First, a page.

Polar ice sheets melting faster than ever
Are melting ice caps our most urgent problem? With ice in Antarctica and Greenland melting faster than ever before, scientists warn of catastrophic consequences if we do not act quickly.
New research shows polar ice caps are melting six times faster than they did during the 1990s. As more melted ice flows into oceans, global sea levels rise. If the rate at which ice melts continues to accelerate, scientists predict 400 million people could be affected by coastal flooding by 2100.
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The global average temperature has risen by 1C over the past century, and it is this global warming that is responsible for the melting ice caps. Experts have calculated that ice sheets in Greenland lost 3.8 trillion tons of ice between 1992 and 2019, enough to raise global sea levels by 1.6cm.
Rising sea levels are one of the most damaging long-term impacts of the climate crisis and affect entire countries. If contributions from the ice caps continue to escalate, Bangladesh could lose 11% of its low-lying land in the Ganges Delta by 2050, making 15 million people homeless. Experts tell us we can slow down this trend by reducing carbon emissions, but only if we take meaningful action now.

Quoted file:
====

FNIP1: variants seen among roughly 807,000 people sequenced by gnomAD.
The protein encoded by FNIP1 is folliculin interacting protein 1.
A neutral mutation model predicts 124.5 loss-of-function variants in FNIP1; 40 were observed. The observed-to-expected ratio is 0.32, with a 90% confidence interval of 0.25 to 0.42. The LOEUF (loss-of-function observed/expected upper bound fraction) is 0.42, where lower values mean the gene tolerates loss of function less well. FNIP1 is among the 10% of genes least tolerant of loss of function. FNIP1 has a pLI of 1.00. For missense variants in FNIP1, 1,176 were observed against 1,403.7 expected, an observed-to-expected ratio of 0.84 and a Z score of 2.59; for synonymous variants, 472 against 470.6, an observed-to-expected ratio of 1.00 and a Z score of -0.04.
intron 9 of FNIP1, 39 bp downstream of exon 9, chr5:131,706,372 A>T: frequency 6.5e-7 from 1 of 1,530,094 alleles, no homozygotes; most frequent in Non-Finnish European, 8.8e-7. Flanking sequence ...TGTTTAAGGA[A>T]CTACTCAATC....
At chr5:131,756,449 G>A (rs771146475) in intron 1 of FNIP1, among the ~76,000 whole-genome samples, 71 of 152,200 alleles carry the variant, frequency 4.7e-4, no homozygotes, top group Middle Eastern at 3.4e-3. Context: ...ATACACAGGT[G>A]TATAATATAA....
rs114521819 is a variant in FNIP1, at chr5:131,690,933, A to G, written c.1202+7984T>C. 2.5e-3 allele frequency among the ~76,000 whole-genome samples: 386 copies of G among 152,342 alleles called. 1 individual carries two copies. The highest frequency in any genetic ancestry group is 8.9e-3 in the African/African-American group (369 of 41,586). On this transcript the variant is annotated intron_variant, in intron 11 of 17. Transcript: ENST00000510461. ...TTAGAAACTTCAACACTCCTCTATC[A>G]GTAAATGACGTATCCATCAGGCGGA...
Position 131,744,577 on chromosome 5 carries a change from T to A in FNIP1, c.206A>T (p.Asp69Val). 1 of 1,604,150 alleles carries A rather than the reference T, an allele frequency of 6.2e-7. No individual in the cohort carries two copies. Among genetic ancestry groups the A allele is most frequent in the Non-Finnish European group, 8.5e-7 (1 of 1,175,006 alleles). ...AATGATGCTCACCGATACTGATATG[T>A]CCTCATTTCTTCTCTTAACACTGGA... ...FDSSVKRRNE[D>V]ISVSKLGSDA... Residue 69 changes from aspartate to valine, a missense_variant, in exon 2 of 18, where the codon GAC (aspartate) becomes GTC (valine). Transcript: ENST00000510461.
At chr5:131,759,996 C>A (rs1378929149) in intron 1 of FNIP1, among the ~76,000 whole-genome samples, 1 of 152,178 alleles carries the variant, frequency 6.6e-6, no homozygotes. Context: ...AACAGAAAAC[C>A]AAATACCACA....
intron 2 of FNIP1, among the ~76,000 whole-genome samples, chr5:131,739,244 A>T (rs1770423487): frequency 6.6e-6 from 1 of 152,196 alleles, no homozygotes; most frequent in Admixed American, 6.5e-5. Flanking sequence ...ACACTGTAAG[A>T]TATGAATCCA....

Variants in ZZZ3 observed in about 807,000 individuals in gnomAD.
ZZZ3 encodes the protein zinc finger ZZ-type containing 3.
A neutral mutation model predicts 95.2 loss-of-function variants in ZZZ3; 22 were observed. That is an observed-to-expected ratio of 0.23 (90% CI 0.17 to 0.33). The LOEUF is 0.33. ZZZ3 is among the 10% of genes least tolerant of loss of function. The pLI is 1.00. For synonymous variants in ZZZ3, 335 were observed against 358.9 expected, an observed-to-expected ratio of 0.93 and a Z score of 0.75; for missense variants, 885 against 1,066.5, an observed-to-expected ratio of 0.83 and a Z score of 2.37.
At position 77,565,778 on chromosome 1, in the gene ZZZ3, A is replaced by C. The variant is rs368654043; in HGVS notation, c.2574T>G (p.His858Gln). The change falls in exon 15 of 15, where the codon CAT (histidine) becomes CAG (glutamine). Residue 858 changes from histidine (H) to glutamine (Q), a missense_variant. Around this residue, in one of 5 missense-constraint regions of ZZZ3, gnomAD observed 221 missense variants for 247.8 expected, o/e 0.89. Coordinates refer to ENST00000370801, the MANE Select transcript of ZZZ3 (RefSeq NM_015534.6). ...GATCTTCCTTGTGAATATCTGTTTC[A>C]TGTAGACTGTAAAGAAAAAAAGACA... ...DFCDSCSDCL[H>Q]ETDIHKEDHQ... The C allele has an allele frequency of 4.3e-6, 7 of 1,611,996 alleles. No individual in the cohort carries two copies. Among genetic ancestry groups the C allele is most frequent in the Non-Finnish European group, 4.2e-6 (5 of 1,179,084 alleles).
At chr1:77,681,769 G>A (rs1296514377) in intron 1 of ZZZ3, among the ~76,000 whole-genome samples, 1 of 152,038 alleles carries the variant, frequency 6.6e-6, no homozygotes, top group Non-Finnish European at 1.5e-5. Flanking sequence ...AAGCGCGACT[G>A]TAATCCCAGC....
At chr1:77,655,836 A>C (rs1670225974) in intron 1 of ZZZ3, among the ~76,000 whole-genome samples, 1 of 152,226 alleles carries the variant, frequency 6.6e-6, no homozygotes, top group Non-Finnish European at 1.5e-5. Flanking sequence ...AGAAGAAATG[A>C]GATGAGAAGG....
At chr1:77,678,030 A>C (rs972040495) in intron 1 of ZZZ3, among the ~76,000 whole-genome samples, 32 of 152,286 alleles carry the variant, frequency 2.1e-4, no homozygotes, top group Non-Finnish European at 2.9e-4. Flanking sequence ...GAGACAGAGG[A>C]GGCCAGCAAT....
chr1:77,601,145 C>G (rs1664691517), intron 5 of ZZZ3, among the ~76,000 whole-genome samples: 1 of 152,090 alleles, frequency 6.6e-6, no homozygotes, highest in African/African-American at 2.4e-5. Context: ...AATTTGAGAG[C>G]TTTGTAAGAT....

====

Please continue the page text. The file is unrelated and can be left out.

Are melting ice caps our most urgent problem?
Yes, we must act immediately. Countries signing the Paris Agreement pledged to become carbon neutral by 2050, but this can sometimes mean simply offsetting carbon emissions. To prevent more ice melting and save communities from flooding, individuals, companies, and governments must drastically change the way they work to make a real difference.
By putting everything on hold to fix this problem, economies will stop growing. While this may be possible in Europe and America, it would be far more damaging to less economically developed countries. In parts of the world suffering from widespread poverty, economic growth is the key priority. Making money is the best way to help people in need.
- Is it too late to prevent the climate crisis?
- Make a poster telling people about rising sea levels and how we can work together to reduce global warming.
Some People Say...
“Act as though the house is on fire, because it is.”Greta Thunberg, 17-year-old activist
What do you think?
- A period of one hundred years.
- Global warming
- A gradual increase in the overall temperature of the Earth’s atmosphere. It is caused by the greenhouse effect as a result of increased levels of carbon emissions.
- Ganges Delta
- Deltas found at the mouth of large rivers – for example, the Ganges which flows through India and Bangladesh. A delta is formed when the river deposits its material faster than the sea can remove it. There are three main types of delta, named after the shape they create.
- Paris Agreement
- The Paris Agreement is an agreement within the United Nations, signed by 195 countries, that aims to reduce carbon emissions.
- A carbon offset is a reduction in emissions of carbon dioxide, or other greenhouse gases, made in order to compensate for emissions made elsewhere. For example, an individual might purchase carbon offsets to compensate for the greenhouse gas emissions caused by flying in a plane.